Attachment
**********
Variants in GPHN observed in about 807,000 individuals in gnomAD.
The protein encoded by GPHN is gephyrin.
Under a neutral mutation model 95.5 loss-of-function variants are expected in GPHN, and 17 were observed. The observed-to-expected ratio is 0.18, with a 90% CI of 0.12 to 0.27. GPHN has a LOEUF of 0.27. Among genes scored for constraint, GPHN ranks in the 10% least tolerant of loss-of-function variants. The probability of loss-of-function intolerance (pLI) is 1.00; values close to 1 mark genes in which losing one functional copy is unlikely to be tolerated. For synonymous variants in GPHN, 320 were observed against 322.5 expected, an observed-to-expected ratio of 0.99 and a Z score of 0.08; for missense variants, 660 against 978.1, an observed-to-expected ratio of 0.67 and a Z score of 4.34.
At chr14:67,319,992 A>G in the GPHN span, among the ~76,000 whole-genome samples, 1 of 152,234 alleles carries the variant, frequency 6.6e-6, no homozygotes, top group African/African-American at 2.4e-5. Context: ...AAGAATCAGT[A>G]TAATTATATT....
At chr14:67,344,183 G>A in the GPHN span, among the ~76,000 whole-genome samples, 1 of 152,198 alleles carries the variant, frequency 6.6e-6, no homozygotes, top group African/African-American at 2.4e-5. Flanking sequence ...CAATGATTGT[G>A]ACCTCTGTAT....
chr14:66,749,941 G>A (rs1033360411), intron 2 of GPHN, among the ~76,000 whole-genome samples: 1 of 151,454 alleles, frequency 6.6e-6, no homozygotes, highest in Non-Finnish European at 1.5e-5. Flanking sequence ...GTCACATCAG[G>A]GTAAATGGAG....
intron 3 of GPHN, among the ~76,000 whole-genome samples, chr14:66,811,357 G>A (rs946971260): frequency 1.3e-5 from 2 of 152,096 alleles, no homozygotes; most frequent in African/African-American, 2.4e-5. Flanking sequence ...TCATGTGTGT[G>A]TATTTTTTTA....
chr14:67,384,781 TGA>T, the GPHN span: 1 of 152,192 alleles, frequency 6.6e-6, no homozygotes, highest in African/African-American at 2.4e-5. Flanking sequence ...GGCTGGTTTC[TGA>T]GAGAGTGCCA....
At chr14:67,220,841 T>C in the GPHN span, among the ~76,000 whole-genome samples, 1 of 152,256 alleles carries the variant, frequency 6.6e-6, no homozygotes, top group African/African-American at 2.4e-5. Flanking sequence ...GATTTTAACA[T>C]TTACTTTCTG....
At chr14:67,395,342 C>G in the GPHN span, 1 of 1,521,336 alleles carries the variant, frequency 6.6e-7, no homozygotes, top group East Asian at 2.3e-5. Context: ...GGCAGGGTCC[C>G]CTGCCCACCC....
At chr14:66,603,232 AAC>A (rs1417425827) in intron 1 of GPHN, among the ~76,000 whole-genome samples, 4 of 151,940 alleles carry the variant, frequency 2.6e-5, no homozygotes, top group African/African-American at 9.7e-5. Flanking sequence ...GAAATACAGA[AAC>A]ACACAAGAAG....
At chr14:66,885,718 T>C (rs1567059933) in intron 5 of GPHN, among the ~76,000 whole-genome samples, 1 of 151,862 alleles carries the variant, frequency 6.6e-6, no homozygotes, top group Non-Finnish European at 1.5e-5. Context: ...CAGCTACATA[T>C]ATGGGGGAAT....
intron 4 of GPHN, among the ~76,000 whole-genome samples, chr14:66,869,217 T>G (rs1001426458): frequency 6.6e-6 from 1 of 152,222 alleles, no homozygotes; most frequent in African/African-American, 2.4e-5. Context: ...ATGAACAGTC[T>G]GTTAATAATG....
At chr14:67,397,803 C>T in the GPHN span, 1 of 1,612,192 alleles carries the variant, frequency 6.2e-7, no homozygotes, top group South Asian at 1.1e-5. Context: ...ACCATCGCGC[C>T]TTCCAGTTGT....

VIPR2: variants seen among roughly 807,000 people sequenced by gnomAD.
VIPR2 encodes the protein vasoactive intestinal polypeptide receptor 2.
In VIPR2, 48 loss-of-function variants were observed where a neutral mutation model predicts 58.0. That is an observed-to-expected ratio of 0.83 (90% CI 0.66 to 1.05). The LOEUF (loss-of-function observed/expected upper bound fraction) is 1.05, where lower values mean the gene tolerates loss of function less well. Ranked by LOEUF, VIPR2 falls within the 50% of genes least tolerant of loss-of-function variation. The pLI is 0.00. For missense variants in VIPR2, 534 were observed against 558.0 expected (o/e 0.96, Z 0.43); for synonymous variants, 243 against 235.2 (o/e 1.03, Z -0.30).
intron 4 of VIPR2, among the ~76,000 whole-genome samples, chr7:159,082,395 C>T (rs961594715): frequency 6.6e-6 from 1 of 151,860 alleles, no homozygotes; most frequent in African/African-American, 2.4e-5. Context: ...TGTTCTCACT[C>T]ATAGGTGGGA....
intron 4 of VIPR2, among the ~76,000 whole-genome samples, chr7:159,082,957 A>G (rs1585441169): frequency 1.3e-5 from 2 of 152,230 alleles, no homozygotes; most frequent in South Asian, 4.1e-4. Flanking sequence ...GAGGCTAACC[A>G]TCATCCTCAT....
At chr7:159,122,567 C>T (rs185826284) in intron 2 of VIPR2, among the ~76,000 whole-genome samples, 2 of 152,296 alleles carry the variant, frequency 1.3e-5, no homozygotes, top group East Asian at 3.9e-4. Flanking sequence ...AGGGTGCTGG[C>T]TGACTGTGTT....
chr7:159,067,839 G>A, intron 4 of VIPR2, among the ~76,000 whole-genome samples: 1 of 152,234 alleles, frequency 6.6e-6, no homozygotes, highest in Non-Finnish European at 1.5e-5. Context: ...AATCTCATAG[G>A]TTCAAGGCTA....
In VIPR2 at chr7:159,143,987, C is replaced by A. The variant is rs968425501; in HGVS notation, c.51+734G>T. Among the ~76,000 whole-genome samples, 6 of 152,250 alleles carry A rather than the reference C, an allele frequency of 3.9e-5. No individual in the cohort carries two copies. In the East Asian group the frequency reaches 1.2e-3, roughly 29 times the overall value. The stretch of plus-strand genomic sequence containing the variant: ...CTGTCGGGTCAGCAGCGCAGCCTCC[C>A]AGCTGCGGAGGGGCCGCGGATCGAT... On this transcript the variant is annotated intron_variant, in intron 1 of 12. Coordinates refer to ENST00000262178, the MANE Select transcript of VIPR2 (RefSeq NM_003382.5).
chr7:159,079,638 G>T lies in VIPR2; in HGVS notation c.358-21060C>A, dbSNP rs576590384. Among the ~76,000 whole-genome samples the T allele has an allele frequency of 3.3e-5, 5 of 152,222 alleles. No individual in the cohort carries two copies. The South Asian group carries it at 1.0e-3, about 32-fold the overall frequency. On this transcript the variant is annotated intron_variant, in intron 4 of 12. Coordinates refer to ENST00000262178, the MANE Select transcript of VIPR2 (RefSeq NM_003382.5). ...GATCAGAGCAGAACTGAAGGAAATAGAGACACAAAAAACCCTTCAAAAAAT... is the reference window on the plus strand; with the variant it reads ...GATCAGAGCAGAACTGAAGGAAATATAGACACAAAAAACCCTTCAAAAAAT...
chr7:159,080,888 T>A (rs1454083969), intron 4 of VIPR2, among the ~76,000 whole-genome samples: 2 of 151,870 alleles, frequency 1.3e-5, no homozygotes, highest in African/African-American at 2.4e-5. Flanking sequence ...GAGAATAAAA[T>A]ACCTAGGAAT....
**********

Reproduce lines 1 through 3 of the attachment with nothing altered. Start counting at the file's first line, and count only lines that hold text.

Variants in GPHN observed in about 807,000 individuals in gnomAD.
The protein encoded by GPHN is gephyrin.
Under a neutral mutation model 95.5 loss-of-function variants are expected in GPHN, and 17 were observed. The observed-to-expected ratio is 0.18, with a 90% CI of 0.12 to 0.27. GPHN has a LOEUF of 0.27. Among genes scored for constraint, GPHN ranks in the 10% least tolerant of loss-of-function variants. The probability of loss-of-function intolerance (pLI) is 1.00; values close to 1 mark genes in which losing one functional copy is unlikely to be tolerated. For synonymous variants in GPHN, 320 were observed against 322.5 expected, an observed-to-expected ratio of 0.99 and a Z score of 0.08; for missense variants, 660 against 978.1, an observed-to-expected ratio of 0.67 and a Z score of 4.34.